With the presentation of the 154-page annual audit of the City of Falls Church’s financial operations, Billy Robinson representing the certified public accounting firm of Brown Edwards, told Monday night’s meeting of the Falls Church City Council, “You are in a strong position, especially given the (small) size of your staff, and have done a good job given your resources” for keeping the City’s financial house in order.
He said that since the Council had voted to add $9.2 million from the sale of its water system to Fairfax County in 2014, the City’s position with respect to its pension fund is at a plus 115 percent, and he said “I know of no other locality in Virginia” whose position is as strong.
The report identified “one significant deficiency relating to the audit of financial statements” that dealt with “internal control over financial reporting and on compliance and other matters,” and Robinson explained to the Council that this dealt only with a potential risk, and was due to the small size of the Falls Church finance office, having nothing to do with any suspicions. “This merely acknowledges that an opportunity exists, with no evidence anything has happened.”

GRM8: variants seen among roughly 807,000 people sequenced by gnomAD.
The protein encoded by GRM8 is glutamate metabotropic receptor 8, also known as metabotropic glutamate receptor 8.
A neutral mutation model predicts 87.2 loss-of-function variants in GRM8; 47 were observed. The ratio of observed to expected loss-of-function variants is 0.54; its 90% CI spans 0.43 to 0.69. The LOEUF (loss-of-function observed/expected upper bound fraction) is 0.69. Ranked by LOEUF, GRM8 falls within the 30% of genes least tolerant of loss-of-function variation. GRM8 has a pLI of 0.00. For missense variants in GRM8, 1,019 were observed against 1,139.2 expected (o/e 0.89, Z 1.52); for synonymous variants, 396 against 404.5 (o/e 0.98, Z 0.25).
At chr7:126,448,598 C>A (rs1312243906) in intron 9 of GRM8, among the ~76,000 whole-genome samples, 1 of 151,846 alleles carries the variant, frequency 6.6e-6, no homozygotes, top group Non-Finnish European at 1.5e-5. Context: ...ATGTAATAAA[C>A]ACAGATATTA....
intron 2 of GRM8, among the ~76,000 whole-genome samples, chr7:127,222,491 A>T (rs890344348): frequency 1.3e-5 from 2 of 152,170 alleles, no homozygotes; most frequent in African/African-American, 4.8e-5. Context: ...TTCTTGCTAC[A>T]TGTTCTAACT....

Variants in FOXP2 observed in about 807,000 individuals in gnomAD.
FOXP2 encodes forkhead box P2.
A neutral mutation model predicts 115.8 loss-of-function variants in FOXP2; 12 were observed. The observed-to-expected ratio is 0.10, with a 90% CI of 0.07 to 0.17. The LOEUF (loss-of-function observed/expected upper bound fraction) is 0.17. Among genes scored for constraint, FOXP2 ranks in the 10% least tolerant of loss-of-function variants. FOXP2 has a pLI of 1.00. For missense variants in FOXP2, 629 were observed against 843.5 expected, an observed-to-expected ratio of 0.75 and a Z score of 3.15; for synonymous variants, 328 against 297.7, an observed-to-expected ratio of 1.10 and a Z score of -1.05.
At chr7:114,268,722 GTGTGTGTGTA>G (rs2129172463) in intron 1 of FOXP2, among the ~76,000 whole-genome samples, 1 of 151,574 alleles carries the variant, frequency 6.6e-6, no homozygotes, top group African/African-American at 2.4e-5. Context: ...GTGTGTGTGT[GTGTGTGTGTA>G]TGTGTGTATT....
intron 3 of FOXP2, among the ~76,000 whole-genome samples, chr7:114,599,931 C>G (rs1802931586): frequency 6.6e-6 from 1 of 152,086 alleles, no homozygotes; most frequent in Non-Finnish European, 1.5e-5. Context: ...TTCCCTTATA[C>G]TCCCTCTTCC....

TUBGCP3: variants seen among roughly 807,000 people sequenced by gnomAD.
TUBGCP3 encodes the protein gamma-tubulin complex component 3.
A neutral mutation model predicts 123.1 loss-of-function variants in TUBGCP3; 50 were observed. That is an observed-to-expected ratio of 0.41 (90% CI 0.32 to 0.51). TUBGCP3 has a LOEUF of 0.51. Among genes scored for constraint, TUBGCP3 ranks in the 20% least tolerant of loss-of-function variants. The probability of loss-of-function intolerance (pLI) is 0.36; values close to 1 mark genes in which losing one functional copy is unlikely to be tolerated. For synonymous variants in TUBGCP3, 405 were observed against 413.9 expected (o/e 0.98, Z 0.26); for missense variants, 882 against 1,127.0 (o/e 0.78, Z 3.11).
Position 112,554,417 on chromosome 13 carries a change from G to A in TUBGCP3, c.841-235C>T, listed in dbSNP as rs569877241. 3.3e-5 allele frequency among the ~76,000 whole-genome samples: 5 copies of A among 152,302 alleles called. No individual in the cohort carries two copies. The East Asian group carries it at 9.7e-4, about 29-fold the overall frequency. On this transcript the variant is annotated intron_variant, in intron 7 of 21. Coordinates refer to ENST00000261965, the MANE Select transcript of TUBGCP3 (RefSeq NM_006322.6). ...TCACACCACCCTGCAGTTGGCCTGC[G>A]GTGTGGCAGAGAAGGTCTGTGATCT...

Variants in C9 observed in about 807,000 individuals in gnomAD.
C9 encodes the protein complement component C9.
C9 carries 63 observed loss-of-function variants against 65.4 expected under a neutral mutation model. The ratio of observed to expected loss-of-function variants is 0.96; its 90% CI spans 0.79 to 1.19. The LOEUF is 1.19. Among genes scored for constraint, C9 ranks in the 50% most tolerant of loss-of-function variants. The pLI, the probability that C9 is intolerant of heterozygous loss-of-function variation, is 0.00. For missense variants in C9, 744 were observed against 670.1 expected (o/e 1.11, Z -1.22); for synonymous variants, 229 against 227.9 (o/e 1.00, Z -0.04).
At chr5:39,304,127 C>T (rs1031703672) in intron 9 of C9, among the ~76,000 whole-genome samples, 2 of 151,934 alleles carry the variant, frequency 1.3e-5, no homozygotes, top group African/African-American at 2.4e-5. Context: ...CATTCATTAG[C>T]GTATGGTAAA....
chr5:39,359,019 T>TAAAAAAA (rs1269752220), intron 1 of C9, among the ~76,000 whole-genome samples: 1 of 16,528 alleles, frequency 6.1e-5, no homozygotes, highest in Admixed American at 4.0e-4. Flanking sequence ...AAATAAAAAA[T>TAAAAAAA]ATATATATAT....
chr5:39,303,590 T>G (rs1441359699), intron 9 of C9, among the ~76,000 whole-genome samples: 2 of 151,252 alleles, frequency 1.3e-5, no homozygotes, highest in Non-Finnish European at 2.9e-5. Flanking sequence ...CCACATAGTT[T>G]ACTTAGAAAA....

City Manager Wyatt Shields further explained to the News-Press Monday night that this has been a long-standing issue that has been identified and watched carefully for many years and is due to the limitations of staffing.
When asked by Council member Phil Duncan if something like an internal audit function were added to the City could correct this issue, Robinson suggested that it would not achieve anything more than has already been accomplished, which is to identify the issue and to watch it carefully.
“You’re in a strong position, and my advice is to have policies in place to adhere to, such as fund balance and debt service policies, which you do. You’re doing this and while your policies are not very liberal, if you decide to modify them you have to understand the reasons why,”